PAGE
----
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Planning for Future Growth: Implementing Payroll Before It Becomes an Emergency

Payroll
Article
04/17/2018

Your business never stands still. You’re continually building it toward your vision of success. For many businesses, that means growth. But before you hire employees to take your business further, you’ll need to know how to process payroll in order to pay them correctly, on-time, every time.

You’ll need payroll as your business grows

Payroll is about much more than just signing checks. It’s a complex and time-consuming process. And as long as you have employees, it never ends.

You’ll need to understand tax withholding, minimum wage legislation, the Federal Insurance Contributions Act (FICA), the Fair Labor Standards Act (FLSA), IRS Forms 941, W-2, W-3, and more. And just when you think you have it all figured out, the rules could change.

These charts from the IRS1 may help demonstrate what’s at stake when you take on payroll yourself. For example, if you’re even a month late making your tax deposit to the IRS, it could potentially cost you hundreds to thousands of dollars in penalties, depending on how much you owed.

Failure to Deposit Penalty Percentage Rates for Unpaid Tax

Number of Days Late

Percentage Rate Underpayment

Penalty on $3,000

1 – 5

2%

$60

6 – 15

5%

$150

16+

10%

$300

More than 10 days after first IRS bill

15%

$450

 

Other Penalties

 

Rate

Maximum

Failure to File Penalty

5.0% per month of unpaid tax on the due date, reduced by the amount of failure to pay penalty for the same month

25%

Failure to Pay Penalty

0.5% per month of unpaid tax, then 1.0% per month after Notice of Intent to Levy

25%

With all of the complexity involved in processing payroll, along with the potential for hefty penalties, disgruntled employees, and high rates of turnover if you get it wrong, it’s not something you should put off for an emergency. Because that emergency could put you out of business.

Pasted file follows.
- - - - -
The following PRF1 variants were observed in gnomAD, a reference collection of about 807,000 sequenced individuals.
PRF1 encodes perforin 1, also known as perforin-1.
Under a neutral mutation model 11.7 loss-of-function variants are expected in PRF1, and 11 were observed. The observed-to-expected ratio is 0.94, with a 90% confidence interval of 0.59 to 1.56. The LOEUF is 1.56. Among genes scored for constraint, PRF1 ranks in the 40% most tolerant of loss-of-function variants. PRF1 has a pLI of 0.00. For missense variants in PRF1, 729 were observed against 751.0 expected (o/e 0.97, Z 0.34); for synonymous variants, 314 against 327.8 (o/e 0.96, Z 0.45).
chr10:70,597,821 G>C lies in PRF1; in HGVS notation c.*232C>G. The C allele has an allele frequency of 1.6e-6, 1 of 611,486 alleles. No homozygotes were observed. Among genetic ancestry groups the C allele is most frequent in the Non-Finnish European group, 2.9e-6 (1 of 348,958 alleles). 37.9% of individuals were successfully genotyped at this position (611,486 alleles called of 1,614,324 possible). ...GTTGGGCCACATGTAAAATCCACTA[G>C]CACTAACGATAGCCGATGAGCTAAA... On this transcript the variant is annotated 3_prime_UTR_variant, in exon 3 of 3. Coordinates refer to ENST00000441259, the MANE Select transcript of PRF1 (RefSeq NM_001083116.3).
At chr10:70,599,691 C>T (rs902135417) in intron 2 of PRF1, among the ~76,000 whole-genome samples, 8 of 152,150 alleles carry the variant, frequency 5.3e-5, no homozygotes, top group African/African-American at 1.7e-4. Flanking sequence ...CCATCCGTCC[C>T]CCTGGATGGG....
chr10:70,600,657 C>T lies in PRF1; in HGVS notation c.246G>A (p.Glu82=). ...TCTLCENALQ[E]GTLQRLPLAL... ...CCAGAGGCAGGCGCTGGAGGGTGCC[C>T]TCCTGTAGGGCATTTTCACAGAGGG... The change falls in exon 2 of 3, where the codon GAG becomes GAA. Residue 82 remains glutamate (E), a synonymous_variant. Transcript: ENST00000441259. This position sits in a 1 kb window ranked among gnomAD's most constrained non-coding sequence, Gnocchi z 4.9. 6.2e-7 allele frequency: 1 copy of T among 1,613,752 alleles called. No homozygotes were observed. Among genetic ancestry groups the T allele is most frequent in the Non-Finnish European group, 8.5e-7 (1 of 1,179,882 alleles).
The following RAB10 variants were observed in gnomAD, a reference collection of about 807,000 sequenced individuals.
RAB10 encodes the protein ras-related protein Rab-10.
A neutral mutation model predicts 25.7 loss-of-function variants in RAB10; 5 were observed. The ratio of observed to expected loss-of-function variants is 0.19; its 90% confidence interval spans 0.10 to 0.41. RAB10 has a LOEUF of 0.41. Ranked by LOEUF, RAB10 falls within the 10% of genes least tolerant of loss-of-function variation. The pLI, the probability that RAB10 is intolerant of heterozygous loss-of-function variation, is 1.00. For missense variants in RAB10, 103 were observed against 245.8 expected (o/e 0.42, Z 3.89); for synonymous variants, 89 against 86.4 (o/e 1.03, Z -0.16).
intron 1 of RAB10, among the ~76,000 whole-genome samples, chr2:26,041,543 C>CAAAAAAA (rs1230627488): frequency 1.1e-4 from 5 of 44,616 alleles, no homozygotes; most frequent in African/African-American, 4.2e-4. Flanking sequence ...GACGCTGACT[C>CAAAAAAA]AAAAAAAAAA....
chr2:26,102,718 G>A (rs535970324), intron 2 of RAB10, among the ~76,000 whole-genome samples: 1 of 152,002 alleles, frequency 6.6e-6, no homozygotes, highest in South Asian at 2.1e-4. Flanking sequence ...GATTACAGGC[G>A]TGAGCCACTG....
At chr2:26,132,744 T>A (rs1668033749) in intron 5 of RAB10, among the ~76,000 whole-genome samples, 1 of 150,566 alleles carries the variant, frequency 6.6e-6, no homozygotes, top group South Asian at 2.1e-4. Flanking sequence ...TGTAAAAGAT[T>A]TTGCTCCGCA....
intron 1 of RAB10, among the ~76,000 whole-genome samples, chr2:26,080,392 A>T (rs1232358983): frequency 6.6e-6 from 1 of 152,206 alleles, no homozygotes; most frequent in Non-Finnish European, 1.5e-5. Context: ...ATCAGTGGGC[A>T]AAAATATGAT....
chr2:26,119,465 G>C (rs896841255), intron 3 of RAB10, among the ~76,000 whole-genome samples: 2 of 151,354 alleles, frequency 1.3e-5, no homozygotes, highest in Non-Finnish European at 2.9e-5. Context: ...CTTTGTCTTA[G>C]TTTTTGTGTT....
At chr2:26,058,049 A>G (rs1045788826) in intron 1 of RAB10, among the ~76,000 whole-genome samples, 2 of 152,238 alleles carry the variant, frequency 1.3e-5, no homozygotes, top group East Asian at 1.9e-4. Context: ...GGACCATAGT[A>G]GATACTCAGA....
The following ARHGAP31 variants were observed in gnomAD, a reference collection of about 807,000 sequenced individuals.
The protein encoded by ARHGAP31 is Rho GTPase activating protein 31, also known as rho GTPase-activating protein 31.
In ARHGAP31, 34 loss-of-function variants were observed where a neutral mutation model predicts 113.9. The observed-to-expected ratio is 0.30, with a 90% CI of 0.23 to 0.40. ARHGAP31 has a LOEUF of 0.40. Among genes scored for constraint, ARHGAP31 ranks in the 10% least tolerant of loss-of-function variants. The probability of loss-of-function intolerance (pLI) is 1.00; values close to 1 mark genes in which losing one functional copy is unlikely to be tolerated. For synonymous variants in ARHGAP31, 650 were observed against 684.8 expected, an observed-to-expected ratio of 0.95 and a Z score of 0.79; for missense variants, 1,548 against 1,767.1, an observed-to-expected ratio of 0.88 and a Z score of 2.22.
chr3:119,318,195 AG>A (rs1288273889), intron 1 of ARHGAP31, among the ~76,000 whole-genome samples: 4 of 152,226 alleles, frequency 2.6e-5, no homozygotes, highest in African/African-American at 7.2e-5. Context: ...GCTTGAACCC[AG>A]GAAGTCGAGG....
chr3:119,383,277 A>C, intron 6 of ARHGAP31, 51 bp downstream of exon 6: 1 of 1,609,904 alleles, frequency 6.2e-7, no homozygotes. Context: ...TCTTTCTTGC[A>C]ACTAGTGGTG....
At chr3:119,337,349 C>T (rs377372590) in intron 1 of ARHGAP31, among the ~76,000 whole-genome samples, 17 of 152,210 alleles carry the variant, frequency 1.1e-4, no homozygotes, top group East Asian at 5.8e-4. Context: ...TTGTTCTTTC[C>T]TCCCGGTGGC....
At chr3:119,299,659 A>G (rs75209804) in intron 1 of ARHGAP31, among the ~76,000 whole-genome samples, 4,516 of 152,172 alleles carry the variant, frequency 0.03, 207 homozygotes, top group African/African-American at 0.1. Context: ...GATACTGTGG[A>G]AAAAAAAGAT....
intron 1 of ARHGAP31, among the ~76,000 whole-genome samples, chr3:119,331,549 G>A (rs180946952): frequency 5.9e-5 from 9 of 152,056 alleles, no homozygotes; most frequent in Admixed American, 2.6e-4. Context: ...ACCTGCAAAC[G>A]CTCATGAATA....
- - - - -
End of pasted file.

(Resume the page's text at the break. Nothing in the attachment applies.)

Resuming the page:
That’s why millions of U.S. businesses outsource their payroll processing rather than doing it themselves.

So, how do you process payroll with a payroll company?

Start by budgeting for the payroll services you’ll need

Outsourcing payroll can be cost-effective, especially when you’re able to plan ahead and set aside a piece of your budget. Some points to consider include:

  • How many employees you may hire, now and in the future
  • How much tax and regulatory support you may need
  • How involved you want to be in the actual payroll processing
  • How, where, and when you prefer to contact client support
  • Whether you’ll eventually want to outsource time and attendance and HR

And perhaps most importantly, what is your peace of mind really worth?

Don’t force yourself into choosing a bargain-basement provider because of cost. In payroll, as in business, you get what you pay for.

In fact, the time you put into thinking through how you want to do payroll may end up saving you time and money, as you’ll keep more of your time doing what you do best.

Get your documentation in order

Once you know what you’re looking for in a payroll provider, have the following documents ready in order to make the transition as easy as possible.

  1. Proof of employer identification number (EIN) — Form SS-4; this is a letter the IRS sent you when you registered for your EIN – make sure you register for your EIN if you haven’t yet
  2. Signed and dated paperwork (The payroll provider should send these documents electronically once they receive your Form SS-4.)
  3. A voided check from your business bank account
  4. Employee information, such as names, addresses, and salaries.
  5. Proof of state withholding and state unemployment ID numbers — a copy of a state return would be best
     

This will help kick-start the onboarding process, so you can start processing payroll as soon as your first employee walks in the door.

Take the path to a better payroll process

As you research payroll providers, look for a company with experience. One that will take the time to get to know you and your business, and will be your partner for years down the line.

Remember, a little planning now could make a big difference for you, your business, and your employees each payday.


1 Source: https://www.irs.gov/pub/irs-pdf/p3151a.pdf

This website contains articles posted for informational and educational value. Paychex is not responsible for information contained within any of these materials. Any opinions expressed within materials are not necessarily the opinion of, or supported by, Paychex. The information in these materials should not be considered legal or accounting advice, and it should not substitute for legal, accounting, and other professional advice where the facts and circumstances warrant.
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